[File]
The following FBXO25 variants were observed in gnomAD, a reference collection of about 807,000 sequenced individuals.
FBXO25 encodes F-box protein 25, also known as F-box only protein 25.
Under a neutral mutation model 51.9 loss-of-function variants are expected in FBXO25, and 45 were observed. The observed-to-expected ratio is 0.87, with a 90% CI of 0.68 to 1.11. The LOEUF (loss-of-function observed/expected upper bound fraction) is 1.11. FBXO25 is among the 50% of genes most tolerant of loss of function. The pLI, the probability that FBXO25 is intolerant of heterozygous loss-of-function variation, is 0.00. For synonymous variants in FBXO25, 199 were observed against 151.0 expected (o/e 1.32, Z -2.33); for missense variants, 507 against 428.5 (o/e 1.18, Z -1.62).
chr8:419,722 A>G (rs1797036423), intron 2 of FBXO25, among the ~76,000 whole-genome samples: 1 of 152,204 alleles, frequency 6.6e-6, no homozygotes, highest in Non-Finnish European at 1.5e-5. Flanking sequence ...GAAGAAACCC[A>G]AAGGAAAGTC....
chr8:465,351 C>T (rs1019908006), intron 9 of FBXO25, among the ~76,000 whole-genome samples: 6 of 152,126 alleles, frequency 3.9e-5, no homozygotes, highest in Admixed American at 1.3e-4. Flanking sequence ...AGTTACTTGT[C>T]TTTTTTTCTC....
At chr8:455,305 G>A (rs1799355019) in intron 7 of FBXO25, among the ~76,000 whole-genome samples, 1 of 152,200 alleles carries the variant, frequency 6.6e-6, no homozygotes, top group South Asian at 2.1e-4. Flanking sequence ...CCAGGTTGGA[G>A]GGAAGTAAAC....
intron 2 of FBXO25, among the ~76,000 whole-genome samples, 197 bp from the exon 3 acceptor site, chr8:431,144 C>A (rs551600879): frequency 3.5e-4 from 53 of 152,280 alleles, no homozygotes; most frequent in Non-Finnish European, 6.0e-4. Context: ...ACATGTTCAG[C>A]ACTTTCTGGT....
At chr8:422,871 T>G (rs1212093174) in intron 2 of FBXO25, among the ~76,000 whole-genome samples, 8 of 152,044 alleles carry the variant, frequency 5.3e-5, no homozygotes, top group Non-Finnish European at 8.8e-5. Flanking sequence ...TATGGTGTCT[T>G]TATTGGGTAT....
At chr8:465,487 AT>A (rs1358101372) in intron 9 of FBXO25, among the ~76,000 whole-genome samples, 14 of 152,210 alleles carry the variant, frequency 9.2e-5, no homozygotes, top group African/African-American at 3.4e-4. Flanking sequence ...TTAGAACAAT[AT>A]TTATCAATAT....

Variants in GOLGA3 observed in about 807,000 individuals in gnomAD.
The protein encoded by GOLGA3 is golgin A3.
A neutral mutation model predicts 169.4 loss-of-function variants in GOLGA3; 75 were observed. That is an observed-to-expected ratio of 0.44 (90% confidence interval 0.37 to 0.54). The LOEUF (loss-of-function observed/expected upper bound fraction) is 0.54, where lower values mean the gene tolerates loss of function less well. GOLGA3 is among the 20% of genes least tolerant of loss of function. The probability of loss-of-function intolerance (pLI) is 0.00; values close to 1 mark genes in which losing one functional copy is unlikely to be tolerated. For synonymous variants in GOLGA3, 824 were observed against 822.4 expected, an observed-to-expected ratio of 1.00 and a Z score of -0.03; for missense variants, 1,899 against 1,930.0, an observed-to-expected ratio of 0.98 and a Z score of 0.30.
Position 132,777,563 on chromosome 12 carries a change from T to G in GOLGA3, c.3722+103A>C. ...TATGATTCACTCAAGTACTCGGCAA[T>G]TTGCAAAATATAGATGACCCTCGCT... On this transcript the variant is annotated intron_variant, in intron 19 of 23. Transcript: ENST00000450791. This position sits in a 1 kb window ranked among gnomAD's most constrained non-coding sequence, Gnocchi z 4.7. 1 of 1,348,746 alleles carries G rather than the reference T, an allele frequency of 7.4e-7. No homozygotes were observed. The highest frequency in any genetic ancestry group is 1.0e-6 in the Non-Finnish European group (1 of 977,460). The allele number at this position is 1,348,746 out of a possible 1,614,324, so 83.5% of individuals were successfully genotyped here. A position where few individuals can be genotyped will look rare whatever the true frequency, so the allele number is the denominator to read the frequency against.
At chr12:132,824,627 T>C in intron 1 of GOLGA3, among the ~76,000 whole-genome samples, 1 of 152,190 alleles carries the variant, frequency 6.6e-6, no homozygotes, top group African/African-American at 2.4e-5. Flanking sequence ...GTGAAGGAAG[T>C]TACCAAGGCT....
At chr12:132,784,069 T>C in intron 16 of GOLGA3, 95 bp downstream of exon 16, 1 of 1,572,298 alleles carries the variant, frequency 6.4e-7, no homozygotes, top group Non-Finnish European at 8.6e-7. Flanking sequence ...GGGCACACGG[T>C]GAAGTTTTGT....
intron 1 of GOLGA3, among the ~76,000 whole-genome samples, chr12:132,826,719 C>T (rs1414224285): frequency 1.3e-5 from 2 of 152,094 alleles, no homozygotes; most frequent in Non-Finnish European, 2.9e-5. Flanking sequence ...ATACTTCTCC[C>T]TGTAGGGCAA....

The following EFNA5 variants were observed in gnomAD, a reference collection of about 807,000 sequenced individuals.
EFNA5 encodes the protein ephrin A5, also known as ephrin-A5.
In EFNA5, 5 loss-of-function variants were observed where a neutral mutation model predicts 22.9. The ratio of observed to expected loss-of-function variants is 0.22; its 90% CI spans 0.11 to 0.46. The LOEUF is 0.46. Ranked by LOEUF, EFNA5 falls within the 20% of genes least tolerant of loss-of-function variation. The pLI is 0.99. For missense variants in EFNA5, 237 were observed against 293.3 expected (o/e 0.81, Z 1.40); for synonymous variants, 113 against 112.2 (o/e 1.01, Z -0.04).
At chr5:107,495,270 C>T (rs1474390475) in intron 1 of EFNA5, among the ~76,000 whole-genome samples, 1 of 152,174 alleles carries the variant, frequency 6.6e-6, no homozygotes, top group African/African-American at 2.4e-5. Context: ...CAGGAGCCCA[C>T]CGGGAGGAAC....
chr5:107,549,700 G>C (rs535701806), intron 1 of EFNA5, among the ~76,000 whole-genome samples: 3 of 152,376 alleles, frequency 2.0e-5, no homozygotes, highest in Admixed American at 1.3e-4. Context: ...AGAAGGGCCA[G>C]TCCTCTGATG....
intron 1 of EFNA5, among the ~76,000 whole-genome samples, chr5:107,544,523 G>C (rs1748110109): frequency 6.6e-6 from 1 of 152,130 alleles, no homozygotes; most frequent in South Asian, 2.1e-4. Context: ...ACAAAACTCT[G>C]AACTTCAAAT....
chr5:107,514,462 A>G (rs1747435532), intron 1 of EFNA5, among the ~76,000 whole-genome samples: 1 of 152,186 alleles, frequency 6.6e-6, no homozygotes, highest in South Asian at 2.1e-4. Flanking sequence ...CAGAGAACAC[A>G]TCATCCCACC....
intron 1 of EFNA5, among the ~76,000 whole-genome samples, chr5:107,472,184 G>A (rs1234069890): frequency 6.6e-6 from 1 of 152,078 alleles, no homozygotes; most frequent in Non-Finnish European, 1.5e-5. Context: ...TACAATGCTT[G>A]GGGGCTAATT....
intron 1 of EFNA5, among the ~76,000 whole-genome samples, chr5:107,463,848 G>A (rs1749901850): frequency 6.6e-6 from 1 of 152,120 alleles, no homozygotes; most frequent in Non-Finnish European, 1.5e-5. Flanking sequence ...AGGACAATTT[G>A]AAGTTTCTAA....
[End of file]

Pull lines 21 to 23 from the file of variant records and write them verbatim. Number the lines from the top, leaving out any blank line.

chr5:107,549,700 G>C (rs535701806), intron 1 of EFNA5, among the ~76,000 whole-genome samples: 3 of 152,376 alleles, frequency 2.0e-5, no homozygotes, highest in Admixed American at 1.3e-4. Context: ...AGAAGGGCCA[G>C]TCCTCTGATG....
intron 1 of EFNA5, among the ~76,000 whole-genome samples, chr5:107,544,523 G>C (rs1748110109): frequency 6.6e-6 from 1 of 152,130 alleles, no homozygotes; most frequent in South Asian, 2.1e-4. Context: ...ACAAAACTCT[G>C]AACTTCAAAT....
chr5:107,514,462 A>G (rs1747435532), intron 1 of EFNA5, among the ~76,000 whole-genome samples: 1 of 152,186 alleles, frequency 6.6e-6, no homozygotes, highest in South Asian at 2.1e-4. Flanking sequence ...CAGAGAACAC[A>G]TCATCCCACC....